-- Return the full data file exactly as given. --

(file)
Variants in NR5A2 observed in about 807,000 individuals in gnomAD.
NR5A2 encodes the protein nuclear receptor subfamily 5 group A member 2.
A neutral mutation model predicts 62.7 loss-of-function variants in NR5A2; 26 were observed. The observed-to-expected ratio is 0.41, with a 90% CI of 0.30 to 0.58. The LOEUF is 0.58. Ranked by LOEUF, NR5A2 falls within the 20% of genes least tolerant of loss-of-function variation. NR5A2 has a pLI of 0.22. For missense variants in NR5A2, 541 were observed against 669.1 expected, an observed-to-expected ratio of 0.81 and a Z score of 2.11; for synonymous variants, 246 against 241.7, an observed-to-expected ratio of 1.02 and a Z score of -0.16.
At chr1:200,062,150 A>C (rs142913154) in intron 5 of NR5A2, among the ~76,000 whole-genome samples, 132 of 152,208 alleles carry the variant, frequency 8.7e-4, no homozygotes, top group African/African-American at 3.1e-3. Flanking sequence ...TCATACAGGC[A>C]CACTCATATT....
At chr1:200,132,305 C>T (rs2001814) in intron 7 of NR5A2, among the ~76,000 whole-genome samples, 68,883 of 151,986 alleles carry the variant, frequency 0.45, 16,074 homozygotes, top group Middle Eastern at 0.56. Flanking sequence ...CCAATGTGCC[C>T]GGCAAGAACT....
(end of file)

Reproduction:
Variants in NR5A2 observed in about 807,000 individuals in gnomAD.
NR5A2 encodes the protein nuclear receptor subfamily 5 group A member 2.
A neutral mutation model predicts 62.7 loss-of-function variants in NR5A2; 26 were observed. The observed-to-expected ratio is 0.41, with a 90% CI of 0.30 to 0.58. The LOEUF is 0.58. Ranked by LOEUF, NR5A2 falls within the 20% of genes least tolerant of loss-of-function variation. NR5A2 has a pLI of 0.22. For missense variants in NR5A2, 541 were observed against 669.1 expected, an observed-to-expected ratio of 0.81 and a Z score of 2.11; for synonymous variants, 246 against 241.7, an observed-to-expected ratio of 1.02 and a Z score of -0.16.
At chr1:200,062,150 A>C (rs142913154) in intron 5 of NR5A2, among the ~76,000 whole-genome samples, 132 of 152,208 alleles carry the variant, frequency 8.7e-4, no homozygotes, top group African/African-American at 3.1e-3. Flanking sequence ...TCATACAGGC[A>C]CACTCATATT....
At chr1:200,132,305 C>T (rs2001814) in intron 7 of NR5A2, among the ~76,000 whole-genome samples, 68,883 of 151,986 alleles carry the variant, frequency 0.45, 16,074 homozygotes, top group Middle Eastern at 0.56. Flanking sequence ...CCAATGTGCC[C>T]GGCAAGAACT....